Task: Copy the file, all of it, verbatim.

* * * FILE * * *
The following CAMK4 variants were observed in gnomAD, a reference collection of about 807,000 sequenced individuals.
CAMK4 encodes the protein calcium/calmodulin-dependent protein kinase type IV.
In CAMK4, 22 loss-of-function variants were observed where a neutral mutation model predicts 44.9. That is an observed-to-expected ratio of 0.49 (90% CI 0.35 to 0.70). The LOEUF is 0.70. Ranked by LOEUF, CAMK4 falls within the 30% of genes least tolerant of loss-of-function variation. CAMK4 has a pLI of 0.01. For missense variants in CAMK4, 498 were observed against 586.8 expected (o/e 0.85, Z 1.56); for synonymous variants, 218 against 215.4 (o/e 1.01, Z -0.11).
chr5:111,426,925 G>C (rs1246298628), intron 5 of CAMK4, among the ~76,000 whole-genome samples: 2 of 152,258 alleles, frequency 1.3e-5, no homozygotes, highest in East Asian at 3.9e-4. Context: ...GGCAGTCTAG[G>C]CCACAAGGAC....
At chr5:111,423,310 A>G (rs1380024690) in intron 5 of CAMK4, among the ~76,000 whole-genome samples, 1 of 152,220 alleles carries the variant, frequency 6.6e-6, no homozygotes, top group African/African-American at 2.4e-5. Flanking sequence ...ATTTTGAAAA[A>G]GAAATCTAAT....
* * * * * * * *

The following CAMK4 variants were observed in gnomAD, a reference collection of about 807,000 sequenced individuals.
CAMK4 encodes the protein calcium/calmodulin-dependent protein kinase type IV.
In CAMK4, 22 loss-of-function variants were observed where a neutral mutation model predicts 44.9. That is an observed-to-expected ratio of 0.49 (90% CI 0.35 to 0.70). The LOEUF is 0.70. Ranked by LOEUF, CAMK4 falls within the 30% of genes least tolerant of loss-of-function variation. CAMK4 has a pLI of 0.01. For missense variants in CAMK4, 498 were observed against 586.8 expected (o/e 0.85, Z 1.56); for synonymous variants, 218 against 215.4 (o/e 1.01, Z -0.11).
chr5:111,426,925 G>C (rs1246298628), intron 5 of CAMK4, among the ~76,000 whole-genome samples: 2 of 152,258 alleles, frequency 1.3e-5, no homozygotes, highest in East Asian at 3.9e-4. Context: ...GGCAGTCTAG[G>C]CCACAAGGAC....
At chr5:111,423,310 A>G (rs1380024690) in intron 5 of CAMK4, among the ~76,000 whole-genome samples, 1 of 152,220 alleles carries the variant, frequency 6.6e-6, no homozygotes, top group African/African-American at 2.4e-5. Flanking sequence ...ATTTTGAAAA[A>G]GAAATCTAAT....